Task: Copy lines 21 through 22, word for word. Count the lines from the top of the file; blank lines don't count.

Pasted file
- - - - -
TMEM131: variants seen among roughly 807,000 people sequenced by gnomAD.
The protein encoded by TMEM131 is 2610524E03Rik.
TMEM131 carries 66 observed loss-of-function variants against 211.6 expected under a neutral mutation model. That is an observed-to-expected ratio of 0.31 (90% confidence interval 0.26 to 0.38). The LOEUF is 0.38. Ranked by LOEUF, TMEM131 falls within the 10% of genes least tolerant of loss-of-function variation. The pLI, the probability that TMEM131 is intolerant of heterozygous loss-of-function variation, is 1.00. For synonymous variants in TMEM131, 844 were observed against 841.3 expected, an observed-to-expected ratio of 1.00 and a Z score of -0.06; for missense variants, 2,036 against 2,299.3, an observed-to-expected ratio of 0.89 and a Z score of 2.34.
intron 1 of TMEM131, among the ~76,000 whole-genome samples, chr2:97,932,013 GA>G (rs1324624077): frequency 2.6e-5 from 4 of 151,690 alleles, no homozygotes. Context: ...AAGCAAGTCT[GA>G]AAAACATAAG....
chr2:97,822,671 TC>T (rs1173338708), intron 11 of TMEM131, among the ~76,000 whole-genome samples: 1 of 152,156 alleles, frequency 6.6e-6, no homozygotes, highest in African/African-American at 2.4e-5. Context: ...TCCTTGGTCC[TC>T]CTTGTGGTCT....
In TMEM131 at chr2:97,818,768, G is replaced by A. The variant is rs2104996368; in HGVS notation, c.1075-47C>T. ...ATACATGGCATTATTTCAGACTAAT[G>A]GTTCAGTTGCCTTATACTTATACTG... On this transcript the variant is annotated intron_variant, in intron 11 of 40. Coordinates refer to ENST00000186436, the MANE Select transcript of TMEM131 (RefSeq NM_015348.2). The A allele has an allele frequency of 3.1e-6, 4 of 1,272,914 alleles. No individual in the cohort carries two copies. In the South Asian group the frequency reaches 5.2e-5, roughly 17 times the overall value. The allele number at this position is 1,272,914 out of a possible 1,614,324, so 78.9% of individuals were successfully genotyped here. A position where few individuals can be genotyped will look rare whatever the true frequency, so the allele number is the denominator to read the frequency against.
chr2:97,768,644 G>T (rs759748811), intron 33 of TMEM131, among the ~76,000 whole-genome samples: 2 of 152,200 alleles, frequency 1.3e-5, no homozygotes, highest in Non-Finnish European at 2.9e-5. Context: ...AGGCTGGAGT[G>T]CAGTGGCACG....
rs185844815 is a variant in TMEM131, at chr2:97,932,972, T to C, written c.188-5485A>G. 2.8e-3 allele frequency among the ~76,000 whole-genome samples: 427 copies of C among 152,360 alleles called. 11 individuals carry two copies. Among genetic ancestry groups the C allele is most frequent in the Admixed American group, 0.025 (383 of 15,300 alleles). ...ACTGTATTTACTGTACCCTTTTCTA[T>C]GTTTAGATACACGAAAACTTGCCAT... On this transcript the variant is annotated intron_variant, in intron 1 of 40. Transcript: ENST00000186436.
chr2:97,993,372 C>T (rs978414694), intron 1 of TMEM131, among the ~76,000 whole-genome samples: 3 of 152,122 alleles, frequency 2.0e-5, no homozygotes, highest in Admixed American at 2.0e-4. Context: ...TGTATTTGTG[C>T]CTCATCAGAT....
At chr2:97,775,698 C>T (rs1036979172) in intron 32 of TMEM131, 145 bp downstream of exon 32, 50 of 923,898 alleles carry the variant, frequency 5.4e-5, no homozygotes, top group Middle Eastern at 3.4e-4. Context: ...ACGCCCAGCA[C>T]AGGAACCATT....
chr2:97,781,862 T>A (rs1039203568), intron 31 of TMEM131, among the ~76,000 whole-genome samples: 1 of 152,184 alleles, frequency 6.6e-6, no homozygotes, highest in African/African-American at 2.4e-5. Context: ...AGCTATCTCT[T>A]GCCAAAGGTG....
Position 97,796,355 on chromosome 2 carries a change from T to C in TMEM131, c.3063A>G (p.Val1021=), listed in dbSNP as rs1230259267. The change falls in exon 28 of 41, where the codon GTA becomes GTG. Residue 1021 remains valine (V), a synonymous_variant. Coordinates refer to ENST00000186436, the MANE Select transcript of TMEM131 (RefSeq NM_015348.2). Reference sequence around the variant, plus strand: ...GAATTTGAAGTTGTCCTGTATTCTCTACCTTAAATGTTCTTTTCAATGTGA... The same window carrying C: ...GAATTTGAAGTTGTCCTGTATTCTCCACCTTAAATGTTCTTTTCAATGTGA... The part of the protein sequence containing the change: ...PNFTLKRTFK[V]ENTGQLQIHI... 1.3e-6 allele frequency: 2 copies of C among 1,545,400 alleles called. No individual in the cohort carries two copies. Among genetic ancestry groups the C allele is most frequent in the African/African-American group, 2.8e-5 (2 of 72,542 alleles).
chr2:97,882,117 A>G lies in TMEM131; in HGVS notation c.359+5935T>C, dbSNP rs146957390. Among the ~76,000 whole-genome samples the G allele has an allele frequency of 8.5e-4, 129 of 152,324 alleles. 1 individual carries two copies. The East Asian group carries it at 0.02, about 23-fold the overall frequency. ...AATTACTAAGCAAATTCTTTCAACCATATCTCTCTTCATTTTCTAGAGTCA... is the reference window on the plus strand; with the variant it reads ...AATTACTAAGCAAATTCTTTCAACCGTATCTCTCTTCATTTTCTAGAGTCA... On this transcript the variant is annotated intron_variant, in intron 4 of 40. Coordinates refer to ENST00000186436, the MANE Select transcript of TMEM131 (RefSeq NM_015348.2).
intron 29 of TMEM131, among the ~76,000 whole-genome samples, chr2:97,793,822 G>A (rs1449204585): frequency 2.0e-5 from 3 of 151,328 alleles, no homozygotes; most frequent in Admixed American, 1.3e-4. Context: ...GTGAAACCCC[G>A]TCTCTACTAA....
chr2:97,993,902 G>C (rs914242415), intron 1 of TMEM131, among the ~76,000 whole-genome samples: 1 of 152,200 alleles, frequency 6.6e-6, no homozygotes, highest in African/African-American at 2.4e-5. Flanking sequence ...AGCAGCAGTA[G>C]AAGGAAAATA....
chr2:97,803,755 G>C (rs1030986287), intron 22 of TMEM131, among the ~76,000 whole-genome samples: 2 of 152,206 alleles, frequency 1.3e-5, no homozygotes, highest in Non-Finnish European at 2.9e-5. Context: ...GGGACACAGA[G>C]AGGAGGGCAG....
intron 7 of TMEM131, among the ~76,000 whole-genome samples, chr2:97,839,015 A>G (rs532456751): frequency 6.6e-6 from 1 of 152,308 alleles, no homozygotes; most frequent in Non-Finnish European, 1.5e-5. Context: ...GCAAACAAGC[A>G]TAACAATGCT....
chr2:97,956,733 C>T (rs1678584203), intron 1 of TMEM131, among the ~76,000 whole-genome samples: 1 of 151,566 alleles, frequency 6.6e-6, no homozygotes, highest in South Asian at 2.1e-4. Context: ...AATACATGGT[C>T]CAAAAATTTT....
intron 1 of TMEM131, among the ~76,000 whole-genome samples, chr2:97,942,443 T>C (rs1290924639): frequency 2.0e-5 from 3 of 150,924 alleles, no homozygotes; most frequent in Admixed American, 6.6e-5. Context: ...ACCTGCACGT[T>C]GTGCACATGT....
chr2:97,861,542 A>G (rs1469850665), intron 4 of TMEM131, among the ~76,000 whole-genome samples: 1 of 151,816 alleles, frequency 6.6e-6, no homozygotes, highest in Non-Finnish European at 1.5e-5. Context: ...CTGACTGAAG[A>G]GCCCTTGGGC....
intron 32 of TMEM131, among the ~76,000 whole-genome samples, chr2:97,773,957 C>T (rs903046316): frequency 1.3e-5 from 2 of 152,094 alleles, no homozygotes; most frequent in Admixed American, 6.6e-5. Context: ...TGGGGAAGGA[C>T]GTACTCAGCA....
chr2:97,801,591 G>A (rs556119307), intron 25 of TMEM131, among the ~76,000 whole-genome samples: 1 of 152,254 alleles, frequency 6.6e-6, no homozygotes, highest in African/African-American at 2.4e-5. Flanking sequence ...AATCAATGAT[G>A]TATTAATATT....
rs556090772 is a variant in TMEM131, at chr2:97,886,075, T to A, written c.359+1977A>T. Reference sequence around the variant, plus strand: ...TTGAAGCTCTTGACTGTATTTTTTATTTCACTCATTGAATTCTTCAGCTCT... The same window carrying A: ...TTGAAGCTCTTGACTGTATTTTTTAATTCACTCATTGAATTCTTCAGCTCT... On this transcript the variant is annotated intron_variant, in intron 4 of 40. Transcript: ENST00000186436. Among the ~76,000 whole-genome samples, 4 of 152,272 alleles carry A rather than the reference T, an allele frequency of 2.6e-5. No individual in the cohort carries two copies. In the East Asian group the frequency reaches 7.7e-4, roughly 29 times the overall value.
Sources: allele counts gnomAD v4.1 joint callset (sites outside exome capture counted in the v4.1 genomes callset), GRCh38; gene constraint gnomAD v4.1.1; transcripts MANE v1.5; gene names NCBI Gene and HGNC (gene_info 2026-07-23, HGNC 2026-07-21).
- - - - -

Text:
intron 32 of TMEM131, among the ~76,000 whole-genome samples, chr2:97,773,957 C>T (rs903046316): frequency 1.3e-5 from 2 of 152,094 alleles, no homozygotes; most frequent in Admixed American, 6.6e-5. Context: ...TGGGGAAGGA[C>T]GTACTCAGCA....
chr2:97,801,591 G>A (rs556119307), intron 25 of TMEM131, among the ~76,000 whole-genome samples: 1 of 152,254 alleles, frequency 6.6e-6, no homozygotes, highest in African/African-American at 2.4e-5. Flanking sequence ...AATCAATGAT[G>A]TATTAATATT....